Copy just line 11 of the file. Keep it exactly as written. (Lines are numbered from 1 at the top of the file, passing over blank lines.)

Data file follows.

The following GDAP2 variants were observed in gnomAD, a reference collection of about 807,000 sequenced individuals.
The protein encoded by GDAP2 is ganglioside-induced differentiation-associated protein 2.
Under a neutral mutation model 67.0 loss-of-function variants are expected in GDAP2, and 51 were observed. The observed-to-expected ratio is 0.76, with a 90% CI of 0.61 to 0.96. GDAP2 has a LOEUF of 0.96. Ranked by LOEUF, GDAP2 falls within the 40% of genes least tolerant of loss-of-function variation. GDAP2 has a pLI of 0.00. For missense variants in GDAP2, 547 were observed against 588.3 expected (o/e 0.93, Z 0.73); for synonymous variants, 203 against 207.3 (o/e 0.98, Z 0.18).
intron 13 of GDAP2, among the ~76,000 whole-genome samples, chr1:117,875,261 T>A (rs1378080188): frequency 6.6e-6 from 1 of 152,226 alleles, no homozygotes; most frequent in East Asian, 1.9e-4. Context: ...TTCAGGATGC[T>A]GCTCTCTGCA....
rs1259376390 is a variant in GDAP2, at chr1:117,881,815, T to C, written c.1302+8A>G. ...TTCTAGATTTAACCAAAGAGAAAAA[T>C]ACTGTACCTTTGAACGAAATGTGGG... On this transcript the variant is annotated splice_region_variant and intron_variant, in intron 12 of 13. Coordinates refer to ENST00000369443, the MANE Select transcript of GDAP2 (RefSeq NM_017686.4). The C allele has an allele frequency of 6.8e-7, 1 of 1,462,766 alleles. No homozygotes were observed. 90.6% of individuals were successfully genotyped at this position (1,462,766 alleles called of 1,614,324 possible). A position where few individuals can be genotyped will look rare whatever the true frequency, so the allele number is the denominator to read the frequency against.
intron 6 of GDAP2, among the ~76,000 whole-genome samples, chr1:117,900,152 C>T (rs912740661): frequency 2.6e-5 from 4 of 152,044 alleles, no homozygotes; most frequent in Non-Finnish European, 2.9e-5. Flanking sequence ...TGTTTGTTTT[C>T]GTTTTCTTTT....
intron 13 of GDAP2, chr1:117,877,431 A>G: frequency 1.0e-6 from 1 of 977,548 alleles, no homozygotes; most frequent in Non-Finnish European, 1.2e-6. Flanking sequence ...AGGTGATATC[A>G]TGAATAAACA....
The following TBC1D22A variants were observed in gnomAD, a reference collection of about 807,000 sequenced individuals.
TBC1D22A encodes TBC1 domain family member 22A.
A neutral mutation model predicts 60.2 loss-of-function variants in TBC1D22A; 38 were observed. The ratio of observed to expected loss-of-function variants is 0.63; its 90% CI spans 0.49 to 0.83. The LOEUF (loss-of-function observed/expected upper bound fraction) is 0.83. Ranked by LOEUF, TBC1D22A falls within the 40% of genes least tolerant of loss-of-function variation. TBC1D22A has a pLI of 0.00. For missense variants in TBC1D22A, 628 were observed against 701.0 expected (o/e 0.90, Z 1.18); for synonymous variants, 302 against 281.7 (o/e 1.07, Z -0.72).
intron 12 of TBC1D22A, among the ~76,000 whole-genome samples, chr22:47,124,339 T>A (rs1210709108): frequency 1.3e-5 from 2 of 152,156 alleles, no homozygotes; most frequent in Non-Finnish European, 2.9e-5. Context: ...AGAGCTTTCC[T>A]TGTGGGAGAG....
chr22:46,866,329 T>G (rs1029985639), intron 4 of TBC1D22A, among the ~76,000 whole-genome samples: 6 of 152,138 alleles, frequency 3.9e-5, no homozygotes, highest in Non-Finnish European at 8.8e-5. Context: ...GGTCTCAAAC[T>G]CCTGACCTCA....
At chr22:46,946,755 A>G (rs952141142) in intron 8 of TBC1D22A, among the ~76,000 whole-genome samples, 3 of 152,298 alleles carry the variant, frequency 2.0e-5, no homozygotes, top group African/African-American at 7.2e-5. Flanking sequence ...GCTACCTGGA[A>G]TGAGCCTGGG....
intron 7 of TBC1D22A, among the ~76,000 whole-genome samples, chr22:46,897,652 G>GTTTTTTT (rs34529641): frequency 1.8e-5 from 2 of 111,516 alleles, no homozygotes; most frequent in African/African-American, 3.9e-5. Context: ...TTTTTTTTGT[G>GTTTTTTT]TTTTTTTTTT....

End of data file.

intron 12 of TBC1D22A, among the ~76,000 whole-genome samples, chr22:47,124,339 T>A (rs1210709108): frequency 1.3e-5 from 2 of 152,156 alleles, no homozygotes; most frequent in Non-Finnish European, 2.9e-5. Context: ...AGAGCTTTCC[T>A]TGTGGGAGAG....